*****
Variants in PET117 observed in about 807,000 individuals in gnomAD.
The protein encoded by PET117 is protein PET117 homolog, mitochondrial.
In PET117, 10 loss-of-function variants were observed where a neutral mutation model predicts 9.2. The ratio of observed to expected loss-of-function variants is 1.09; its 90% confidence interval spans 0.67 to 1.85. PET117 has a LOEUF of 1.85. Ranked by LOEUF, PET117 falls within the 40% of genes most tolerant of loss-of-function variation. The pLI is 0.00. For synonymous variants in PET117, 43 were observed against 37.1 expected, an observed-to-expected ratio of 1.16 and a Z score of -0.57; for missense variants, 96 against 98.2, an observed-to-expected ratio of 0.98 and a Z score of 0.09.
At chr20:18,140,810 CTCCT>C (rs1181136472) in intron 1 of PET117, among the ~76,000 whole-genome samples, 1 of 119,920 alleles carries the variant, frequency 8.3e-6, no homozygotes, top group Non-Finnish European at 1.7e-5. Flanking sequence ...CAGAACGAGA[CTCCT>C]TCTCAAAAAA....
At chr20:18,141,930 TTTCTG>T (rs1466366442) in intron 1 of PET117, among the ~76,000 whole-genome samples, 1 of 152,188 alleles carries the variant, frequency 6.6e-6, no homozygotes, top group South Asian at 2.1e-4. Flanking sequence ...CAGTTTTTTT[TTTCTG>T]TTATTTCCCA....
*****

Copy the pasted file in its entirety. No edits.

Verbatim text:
Variants in PET117 observed in about 807,000 individuals in gnomAD.
The protein encoded by PET117 is protein PET117 homolog, mitochondrial.
In PET117, 10 loss-of-function variants were observed where a neutral mutation model predicts 9.2. The ratio of observed to expected loss-of-function variants is 1.09; its 90% confidence interval spans 0.67 to 1.85. PET117 has a LOEUF of 1.85. Ranked by LOEUF, PET117 falls within the 40% of genes most tolerant of loss-of-function variation. The pLI is 0.00. For synonymous variants in PET117, 43 were observed against 37.1 expected, an observed-to-expected ratio of 1.16 and a Z score of -0.57; for missense variants, 96 against 98.2, an observed-to-expected ratio of 0.98 and a Z score of 0.09.
At chr20:18,140,810 CTCCT>C (rs1181136472) in intron 1 of PET117, among the ~76,000 whole-genome samples, 1 of 119,920 alleles carries the variant, frequency 8.3e-6, no homozygotes, top group Non-Finnish European at 1.7e-5. Flanking sequence ...CAGAACGAGA[CTCCT>C]TCTCAAAAAA....
At chr20:18,141,930 TTTCTG>T (rs1466366442) in intron 1 of PET117, among the ~76,000 whole-genome samples, 1 of 152,188 alleles carries the variant, frequency 6.6e-6, no homozygotes, top group South Asian at 2.1e-4. Flanking sequence ...CAGTTTTTTT[TTTCTG>T]TTATTTCCCA....